The fabrics used to cover mattresses were the first bed component to incorporate phase-change materials. In the 1990s, Golden, Colo.-based Outlast Technologies LLC, a supplier of PCM fibers, fabrics and coatings, introduced mattresses covered in woven, high-end ticking with Outlast, a brand widely recognized at retail. The company’s Thermocule phase-change material technology is based on fabric and fiber research conducted by NASA in the 1980s that led to the development of temperature-controlled spacesuits and gloves for astronauts. Most major ticking suppliers now knit or weave products with phase-change material fibers or coatings, using either Outlast or another PCM technology.
Phase-change material can be found on the surface of foams or blended in.
It can be a topical application on the mattress fabric or intrinsic to the yarns. Expect to see more of it on and in the mattresses you sell. And don’t miss the chance to offer shoppers a side-by-side comparison with some point-of-sale materials, because they will be able to feel the difference.
Don’t forget the ticking
A textile construction available for more than a decade but currently enjoying great popularity on beds, especially on mattress borders, is spacer fabric, which tells a convincing ventilation story. These airy 3-D textiles are available in a range of heights and composed of two layers of fabric separated—and joined—by short vertical fibers that create a pathway for air circulation.
Among myriad inventive mattress covers on beds with temperature-control claims, Holland-based knit producer Innofa introduced something a little different in 2013. It invented a new knit with a pattern that includes little portholes or “air grids” designed to work in tandem with a foam bed’s ventilated core, allowing air to more readily circulate through a bed. O
Despite their reputation for providing cooler sleep, innerspring beds also have gotten tweaks to improve sleep temperature. The popularity of fabric-wrapped coils or pocket springs in better bedding is growing in North America. Although the typical coil wrapper is a breathable, needle-punched nonwoven, some beds now have pockets springs with altered pockets—they may have slits and hole punching to improve airflow. A number of high-end mattress collections use multiple layers of wrapped microcoils in the top comfort layer.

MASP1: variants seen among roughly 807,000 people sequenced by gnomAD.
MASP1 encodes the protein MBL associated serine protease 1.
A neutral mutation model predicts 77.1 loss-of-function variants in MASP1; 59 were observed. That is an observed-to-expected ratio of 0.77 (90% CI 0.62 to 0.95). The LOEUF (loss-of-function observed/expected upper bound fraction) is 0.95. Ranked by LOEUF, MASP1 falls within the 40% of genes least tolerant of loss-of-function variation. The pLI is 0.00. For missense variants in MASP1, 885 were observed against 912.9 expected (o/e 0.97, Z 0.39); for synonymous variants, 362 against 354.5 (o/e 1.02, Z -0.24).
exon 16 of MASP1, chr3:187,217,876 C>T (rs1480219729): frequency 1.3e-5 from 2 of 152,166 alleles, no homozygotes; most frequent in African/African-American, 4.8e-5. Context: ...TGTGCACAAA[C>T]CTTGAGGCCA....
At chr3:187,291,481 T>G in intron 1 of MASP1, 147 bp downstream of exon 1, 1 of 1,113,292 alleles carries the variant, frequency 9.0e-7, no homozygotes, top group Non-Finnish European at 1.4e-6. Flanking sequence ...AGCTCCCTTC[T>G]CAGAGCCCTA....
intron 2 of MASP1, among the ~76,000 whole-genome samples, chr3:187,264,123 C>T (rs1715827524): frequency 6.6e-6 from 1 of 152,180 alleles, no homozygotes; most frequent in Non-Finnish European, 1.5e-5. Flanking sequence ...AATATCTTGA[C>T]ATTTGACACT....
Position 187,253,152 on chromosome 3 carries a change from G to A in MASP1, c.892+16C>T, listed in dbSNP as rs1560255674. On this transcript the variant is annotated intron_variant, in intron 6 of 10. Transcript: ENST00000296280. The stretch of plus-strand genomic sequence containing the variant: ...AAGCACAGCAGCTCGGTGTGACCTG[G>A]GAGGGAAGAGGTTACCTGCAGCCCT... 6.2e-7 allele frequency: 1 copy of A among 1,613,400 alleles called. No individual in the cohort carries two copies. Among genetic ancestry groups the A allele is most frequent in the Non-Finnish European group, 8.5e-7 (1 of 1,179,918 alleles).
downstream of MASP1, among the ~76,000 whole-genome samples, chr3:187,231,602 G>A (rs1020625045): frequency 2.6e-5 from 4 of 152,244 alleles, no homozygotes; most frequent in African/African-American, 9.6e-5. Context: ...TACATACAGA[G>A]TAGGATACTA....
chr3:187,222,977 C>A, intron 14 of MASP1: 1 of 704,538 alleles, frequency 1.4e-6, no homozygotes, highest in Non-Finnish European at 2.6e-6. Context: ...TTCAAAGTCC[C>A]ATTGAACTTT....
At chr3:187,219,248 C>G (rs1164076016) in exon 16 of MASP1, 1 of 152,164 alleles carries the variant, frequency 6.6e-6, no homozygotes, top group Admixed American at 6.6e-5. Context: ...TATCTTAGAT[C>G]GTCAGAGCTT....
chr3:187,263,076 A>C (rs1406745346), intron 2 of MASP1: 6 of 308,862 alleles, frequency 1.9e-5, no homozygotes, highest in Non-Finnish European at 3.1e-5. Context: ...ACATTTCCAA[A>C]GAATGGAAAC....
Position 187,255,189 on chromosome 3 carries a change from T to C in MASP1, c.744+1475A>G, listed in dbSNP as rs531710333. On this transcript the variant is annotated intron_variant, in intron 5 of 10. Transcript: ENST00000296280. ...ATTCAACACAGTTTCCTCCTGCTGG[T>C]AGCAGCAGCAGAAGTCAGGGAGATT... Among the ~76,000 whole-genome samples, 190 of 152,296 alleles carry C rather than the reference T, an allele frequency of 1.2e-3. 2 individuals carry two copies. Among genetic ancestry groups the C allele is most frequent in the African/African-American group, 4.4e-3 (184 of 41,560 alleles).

When sleep temperature is a major source of disagreement between sleep partners, there are solutions out there.
Chili Technology LLC, with headquarters in Mooresville, N.C., offers electronic heating and cooling integrated into its ChiliPad and its ChiliBed, which launched in 2012. The technology allows users to adjust sleep surface temperatures from 60 degrees Fahrenheit to 110 degrees Fahrenheit. The product employs a closed-loop system with water that is heated and cooled as it circulates constantly through the topper or bed.
Coolness is the most desired feature, says Todd Youngblood, Chili Technology president.
“Consumers tell us ‘you can’t make it cold enough for me. I’d sleep in a freezer if I could!’ We’ve gotten testimonials from people going through chemotherapy, menopausal women, couples who can finally sleep together comfortably—there’s so much enthusiasm and energy out there for this product.”
Other beds with electronic heating and cooling use an air system. Airbed manufacturer and retailer Select Comfort introduced the heated and cooled Sleep Number DualTemp topper in 2013, using the Minneapolis-based company’s proprietary Active Air technology.
The YuMe bed, sold exclusively at Mattress Firm, has a solid-state heat pump with integrated convection to blow heated or cooled air through the sleep surface of the foam-core bed.
Barbara Nelles is the digital editor of Sleep Savvy and BedTimes magazines. She is based in Greensboro, N.C.